• 37% have studied computer science at a post-graduate level.
    • 27% have not reported a bug because of a previous negative experience with the company in question.

    Many cybersecurity companies also report security flaws to major technology platforms, as they scan the environment for threats to their customers. Mimecast, for example, has made several responsible disclosures to other companies, and invites responsible disclosures of vulnerabilities in its own systems and services.

    The Bottom Line

    Following a recent Supreme Court ruling, cybersecurity threat hunters face fewer legal obstacles to the work they do — discovering and responsibly reporting security flaws in companies’ technologies and networks. The court case represents an important milestone in the evolution of crowdsourced security at a time of mounting cyber risk.


    [1]Van Buren Is a Victory Against Overbroad Interpretations of the CFAA, and Protects Security Researchers,” Electronic Frontier Foundation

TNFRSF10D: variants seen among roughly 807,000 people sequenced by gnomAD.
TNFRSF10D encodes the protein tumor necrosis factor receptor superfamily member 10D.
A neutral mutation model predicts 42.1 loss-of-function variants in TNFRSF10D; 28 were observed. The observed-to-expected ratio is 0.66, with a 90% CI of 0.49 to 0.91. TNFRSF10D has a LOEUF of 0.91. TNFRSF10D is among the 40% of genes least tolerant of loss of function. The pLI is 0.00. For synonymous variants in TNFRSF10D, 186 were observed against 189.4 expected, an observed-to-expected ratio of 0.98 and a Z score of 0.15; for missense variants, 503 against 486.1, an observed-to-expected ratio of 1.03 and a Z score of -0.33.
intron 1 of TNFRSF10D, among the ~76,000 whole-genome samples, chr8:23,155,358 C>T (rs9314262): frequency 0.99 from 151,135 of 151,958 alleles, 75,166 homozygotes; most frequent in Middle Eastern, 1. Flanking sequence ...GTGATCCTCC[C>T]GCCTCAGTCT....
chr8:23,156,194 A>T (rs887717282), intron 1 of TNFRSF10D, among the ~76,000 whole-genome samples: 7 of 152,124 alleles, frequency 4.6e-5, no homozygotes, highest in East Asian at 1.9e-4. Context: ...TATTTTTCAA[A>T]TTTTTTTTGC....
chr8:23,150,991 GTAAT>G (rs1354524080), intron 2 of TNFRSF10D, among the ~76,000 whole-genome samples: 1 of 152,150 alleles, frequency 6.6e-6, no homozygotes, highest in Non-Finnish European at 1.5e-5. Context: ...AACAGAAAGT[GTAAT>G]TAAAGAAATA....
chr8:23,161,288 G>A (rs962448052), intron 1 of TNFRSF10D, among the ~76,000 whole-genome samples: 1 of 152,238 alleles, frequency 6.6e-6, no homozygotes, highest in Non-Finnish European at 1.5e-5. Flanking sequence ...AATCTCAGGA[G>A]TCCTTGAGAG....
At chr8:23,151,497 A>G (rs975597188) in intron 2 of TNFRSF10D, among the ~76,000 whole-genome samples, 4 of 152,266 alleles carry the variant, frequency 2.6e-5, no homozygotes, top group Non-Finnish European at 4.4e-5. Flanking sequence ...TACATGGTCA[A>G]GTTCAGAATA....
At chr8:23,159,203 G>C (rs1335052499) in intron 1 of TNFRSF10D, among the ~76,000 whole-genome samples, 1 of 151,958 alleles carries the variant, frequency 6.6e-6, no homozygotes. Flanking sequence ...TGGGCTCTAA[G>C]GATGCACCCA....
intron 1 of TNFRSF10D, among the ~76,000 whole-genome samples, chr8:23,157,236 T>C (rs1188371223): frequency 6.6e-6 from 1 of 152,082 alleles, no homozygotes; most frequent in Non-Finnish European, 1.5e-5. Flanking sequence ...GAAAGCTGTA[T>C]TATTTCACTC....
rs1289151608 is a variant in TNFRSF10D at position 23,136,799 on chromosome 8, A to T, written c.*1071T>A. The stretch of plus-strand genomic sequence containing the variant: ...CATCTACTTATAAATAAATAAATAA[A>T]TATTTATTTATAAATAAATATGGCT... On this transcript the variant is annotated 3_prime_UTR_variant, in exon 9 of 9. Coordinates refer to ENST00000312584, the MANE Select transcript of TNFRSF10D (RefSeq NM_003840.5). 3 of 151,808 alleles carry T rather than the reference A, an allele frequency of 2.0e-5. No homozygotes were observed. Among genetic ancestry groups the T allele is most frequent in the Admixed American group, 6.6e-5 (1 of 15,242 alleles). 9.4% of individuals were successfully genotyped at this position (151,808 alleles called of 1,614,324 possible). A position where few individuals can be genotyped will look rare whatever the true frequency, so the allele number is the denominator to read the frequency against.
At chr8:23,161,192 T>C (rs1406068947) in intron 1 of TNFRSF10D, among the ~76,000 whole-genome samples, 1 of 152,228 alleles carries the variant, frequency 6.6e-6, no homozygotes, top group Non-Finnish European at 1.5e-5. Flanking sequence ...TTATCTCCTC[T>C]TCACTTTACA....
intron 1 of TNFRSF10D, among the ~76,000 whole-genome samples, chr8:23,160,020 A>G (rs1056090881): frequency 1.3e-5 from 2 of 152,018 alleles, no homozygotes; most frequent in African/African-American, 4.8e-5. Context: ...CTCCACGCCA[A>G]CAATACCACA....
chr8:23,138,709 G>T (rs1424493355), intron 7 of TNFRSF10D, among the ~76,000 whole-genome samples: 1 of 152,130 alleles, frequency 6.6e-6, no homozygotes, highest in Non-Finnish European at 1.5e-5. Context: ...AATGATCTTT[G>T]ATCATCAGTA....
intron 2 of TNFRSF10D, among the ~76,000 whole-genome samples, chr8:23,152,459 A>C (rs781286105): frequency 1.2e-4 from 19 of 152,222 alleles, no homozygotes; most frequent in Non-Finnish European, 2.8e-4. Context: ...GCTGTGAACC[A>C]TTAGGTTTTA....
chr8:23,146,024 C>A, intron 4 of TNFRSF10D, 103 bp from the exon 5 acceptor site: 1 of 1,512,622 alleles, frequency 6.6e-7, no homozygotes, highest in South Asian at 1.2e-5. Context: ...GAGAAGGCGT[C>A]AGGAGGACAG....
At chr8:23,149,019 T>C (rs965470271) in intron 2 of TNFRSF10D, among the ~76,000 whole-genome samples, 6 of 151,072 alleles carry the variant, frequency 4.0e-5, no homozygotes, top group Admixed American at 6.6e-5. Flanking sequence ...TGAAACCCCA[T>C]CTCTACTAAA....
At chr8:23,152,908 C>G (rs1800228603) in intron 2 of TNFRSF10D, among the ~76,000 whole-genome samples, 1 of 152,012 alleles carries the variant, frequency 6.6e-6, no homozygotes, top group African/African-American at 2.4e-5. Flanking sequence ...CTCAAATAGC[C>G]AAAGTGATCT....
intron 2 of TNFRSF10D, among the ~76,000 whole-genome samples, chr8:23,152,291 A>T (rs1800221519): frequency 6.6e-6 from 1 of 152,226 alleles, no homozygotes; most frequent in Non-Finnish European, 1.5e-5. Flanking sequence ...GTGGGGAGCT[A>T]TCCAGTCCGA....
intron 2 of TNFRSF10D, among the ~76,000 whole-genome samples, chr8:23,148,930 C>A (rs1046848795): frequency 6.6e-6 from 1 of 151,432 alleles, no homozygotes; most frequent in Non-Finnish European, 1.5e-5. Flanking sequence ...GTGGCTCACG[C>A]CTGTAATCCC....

[2]The Supreme Court Will Hear its First Big CFAA Case,” TechCrunch

    [3]The Most Controversial Hacking Cases of the Past Decade,” Wired

    [4]Van Buren v. United States,” U.S. Supreme Court

    [5]Comments on Supreme Court Decision in Van Buren v. United States,” Knight First Amendment Institute

    [6]Hack the Army 3.0 Furthers Innovative Bug Bounty Program to Defend Networks, Data,” U.S. Army

    [7]Marking the 10th Anniversary of Our Bug Bounty Program,” Facebook

    [8]Thanks!,” Facebook

    [9]Brief of Amici Curiae,” Electronic Frontier Foundation

    [10]The 2021 Hacker Report,” HackerOne